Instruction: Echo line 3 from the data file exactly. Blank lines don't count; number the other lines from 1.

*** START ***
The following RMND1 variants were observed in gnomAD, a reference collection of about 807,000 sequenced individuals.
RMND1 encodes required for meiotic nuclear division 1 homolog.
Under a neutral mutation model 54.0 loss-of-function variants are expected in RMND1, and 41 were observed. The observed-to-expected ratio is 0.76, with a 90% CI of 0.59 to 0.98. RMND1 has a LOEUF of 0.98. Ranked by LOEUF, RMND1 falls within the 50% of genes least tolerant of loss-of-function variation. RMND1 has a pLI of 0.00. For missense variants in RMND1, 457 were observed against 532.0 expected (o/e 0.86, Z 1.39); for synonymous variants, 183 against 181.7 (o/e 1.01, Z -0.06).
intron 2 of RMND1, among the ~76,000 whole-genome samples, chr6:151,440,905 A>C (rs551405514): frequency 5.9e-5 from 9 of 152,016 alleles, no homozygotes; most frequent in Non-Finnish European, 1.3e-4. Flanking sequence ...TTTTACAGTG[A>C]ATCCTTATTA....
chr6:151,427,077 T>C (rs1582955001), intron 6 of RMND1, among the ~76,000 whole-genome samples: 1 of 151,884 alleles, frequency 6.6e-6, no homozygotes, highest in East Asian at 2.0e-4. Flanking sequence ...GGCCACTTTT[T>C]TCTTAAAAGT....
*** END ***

Under a neutral mutation model 54.0 loss-of-function variants are expected in RMND1, and 41 were observed. The observed-to-expected ratio is 0.76, with a 90% CI of 0.59 to 0.98. RMND1 has a LOEUF of 0.98. Ranked by LOEUF, RMND1 falls within the 50% of genes least tolerant of loss-of-function variation. RMND1 has a pLI of 0.00. For missense variants in RMND1, 457 were observed against 532.0 expected (o/e 0.86, Z 1.39); for synonymous variants, 183 against 181.7 (o/e 1.01, Z -0.06).